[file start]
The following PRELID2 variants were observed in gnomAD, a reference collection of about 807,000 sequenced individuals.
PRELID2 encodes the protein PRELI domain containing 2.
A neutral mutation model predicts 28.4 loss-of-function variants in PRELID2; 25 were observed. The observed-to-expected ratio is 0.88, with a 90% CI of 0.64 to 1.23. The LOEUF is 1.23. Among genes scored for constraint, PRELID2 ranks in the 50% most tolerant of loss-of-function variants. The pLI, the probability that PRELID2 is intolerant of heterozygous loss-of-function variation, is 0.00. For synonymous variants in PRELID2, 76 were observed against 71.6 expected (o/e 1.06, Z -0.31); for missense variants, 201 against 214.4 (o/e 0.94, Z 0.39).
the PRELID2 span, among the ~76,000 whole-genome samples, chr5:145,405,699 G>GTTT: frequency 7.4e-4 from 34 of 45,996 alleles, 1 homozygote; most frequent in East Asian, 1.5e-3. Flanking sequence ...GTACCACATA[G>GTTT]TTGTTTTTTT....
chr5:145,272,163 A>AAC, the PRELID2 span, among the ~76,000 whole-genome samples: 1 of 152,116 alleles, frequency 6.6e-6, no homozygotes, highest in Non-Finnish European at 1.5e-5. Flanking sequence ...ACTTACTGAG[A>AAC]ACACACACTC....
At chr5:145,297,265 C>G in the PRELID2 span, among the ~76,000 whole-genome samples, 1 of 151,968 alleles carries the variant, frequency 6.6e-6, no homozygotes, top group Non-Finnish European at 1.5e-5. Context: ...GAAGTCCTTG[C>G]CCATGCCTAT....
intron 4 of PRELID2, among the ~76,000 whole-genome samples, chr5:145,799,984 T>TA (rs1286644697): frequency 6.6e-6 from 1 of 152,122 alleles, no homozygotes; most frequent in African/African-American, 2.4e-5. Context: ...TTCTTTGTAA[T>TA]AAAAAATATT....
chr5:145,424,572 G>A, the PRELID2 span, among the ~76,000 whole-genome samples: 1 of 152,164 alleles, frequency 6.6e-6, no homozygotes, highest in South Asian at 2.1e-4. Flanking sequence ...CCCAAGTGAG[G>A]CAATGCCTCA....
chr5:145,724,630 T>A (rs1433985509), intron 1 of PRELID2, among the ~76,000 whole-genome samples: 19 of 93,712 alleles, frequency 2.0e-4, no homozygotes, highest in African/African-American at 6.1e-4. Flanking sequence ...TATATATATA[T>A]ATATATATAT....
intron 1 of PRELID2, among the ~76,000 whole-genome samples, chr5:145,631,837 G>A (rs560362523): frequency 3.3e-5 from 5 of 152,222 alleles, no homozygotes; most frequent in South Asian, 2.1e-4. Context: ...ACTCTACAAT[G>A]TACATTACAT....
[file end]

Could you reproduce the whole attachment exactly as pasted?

The following PRELID2 variants were observed in gnomAD, a reference collection of about 807,000 sequenced individuals.
PRELID2 encodes the protein PRELI domain containing 2.
A neutral mutation model predicts 28.4 loss-of-function variants in PRELID2; 25 were observed. The observed-to-expected ratio is 0.88, with a 90% CI of 0.64 to 1.23. The LOEUF is 1.23. Among genes scored for constraint, PRELID2 ranks in the 50% most tolerant of loss-of-function variants. The pLI, the probability that PRELID2 is intolerant of heterozygous loss-of-function variation, is 0.00. For synonymous variants in PRELID2, 76 were observed against 71.6 expected (o/e 1.06, Z -0.31); for missense variants, 201 against 214.4 (o/e 0.94, Z 0.39).
the PRELID2 span, among the ~76,000 whole-genome samples, chr5:145,405,699 G>GTTT: frequency 7.4e-4 from 34 of 45,996 alleles, 1 homozygote; most frequent in East Asian, 1.5e-3. Flanking sequence ...GTACCACATA[G>GTTT]TTGTTTTTTT....
chr5:145,272,163 A>AAC, the PRELID2 span, among the ~76,000 whole-genome samples: 1 of 152,116 alleles, frequency 6.6e-6, no homozygotes, highest in Non-Finnish European at 1.5e-5. Flanking sequence ...ACTTACTGAG[A>AAC]ACACACACTC....
At chr5:145,297,265 C>G in the PRELID2 span, among the ~76,000 whole-genome samples, 1 of 151,968 alleles carries the variant, frequency 6.6e-6, no homozygotes, top group Non-Finnish European at 1.5e-5. Context: ...GAAGTCCTTG[C>G]CCATGCCTAT....
intron 4 of PRELID2, among the ~76,000 whole-genome samples, chr5:145,799,984 T>TA (rs1286644697): frequency 6.6e-6 from 1 of 152,122 alleles, no homozygotes; most frequent in African/African-American, 2.4e-5. Context: ...TTCTTTGTAA[T>TA]AAAAAATATT....
chr5:145,424,572 G>A, the PRELID2 span, among the ~76,000 whole-genome samples: 1 of 152,164 alleles, frequency 6.6e-6, no homozygotes, highest in South Asian at 2.1e-4. Flanking sequence ...CCCAAGTGAG[G>A]CAATGCCTCA....
chr5:145,724,630 T>A (rs1433985509), intron 1 of PRELID2, among the ~76,000 whole-genome samples: 19 of 93,712 alleles, frequency 2.0e-4, no homozygotes, highest in African/African-American at 6.1e-4. Flanking sequence ...TATATATATA[T>A]ATATATATAT....
intron 1 of PRELID2, among the ~76,000 whole-genome samples, chr5:145,631,837 G>A (rs560362523): frequency 3.3e-5 from 5 of 152,222 alleles, no homozygotes; most frequent in South Asian, 2.1e-4. Context: ...ACTCTACAAT[G>A]TACATTACAT....